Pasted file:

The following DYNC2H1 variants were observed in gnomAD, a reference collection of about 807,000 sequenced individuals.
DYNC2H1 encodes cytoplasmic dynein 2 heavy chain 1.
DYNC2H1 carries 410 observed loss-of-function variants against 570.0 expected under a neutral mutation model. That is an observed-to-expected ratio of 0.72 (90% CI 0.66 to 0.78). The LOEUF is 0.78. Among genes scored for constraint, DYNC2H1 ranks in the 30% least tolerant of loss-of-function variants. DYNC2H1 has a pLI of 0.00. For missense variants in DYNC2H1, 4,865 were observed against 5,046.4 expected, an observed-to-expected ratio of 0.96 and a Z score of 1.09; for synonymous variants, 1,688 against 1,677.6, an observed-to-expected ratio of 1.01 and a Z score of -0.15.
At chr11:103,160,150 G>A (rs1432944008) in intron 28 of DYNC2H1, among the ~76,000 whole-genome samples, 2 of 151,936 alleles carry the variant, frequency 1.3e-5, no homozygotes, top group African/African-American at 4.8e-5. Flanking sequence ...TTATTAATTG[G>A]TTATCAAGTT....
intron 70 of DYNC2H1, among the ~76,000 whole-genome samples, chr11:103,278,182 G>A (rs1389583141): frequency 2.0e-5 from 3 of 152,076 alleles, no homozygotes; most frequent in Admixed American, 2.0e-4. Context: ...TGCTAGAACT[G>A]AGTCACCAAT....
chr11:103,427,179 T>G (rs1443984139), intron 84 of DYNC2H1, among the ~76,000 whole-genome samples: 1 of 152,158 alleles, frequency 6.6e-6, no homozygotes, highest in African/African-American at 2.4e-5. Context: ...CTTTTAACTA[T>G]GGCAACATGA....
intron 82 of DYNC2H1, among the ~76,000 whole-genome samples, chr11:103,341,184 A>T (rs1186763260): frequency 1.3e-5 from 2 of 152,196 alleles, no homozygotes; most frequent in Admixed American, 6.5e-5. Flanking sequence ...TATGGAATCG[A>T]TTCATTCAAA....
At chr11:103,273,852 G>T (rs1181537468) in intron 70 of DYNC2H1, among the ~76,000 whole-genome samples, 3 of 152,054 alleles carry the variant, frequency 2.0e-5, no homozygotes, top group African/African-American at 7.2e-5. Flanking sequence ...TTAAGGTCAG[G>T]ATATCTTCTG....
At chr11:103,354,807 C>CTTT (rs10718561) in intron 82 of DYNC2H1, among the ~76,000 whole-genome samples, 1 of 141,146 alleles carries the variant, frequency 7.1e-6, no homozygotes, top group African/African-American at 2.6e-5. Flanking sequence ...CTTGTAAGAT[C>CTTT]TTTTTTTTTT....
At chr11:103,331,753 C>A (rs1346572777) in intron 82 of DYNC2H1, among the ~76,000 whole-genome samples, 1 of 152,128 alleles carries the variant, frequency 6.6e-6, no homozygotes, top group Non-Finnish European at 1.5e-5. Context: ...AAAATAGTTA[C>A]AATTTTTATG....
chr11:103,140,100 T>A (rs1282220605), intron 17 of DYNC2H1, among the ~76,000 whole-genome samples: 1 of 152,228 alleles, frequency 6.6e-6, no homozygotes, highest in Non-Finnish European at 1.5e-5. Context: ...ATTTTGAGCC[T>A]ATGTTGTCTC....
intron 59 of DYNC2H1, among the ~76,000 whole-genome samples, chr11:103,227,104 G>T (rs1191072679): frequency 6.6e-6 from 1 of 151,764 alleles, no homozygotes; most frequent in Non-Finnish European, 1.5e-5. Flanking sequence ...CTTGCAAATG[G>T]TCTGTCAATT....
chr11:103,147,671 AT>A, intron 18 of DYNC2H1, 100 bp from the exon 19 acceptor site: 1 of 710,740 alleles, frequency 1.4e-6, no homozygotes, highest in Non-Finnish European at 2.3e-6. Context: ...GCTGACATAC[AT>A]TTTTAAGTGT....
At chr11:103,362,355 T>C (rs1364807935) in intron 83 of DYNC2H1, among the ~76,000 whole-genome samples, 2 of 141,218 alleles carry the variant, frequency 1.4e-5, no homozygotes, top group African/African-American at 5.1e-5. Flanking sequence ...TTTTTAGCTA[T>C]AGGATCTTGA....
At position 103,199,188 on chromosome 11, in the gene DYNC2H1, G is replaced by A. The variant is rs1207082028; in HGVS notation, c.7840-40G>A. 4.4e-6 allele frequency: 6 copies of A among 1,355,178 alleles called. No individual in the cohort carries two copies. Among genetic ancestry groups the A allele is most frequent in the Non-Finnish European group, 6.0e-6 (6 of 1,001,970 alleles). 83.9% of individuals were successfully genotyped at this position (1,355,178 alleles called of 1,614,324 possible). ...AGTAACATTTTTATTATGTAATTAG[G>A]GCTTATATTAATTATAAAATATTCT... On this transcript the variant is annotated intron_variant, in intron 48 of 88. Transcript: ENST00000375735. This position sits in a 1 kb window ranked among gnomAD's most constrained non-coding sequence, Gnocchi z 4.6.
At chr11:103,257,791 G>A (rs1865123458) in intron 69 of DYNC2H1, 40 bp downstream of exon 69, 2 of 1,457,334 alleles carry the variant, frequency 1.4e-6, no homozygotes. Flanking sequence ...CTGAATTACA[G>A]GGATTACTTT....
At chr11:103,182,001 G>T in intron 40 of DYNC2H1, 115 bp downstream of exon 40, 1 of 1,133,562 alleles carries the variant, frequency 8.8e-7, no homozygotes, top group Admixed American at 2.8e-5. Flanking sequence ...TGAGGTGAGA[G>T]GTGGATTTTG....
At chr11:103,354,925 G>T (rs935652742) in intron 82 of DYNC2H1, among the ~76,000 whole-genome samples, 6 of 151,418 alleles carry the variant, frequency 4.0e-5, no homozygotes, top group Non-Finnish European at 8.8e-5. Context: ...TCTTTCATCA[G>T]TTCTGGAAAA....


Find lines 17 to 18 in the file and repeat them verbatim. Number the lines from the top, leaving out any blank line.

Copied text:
At chr11:103,182,001 G>T in intron 40 of DYNC2H1, 115 bp downstream of exon 40, 1 of 1,133,562 alleles carries the variant, frequency 8.8e-7, no homozygotes, top group Admixed American at 2.8e-5. Flanking sequence ...TGAGGTGAGA[G>T]GTGGATTTTG....
At chr11:103,354,925 G>T (rs935652742) in intron 82 of DYNC2H1, among the ~76,000 whole-genome samples, 6 of 151,418 alleles carry the variant, frequency 4.0e-5, no homozygotes, top group Non-Finnish European at 8.8e-5. Context: ...TCTTTCATCA[G>T]TTCTGGAAAA....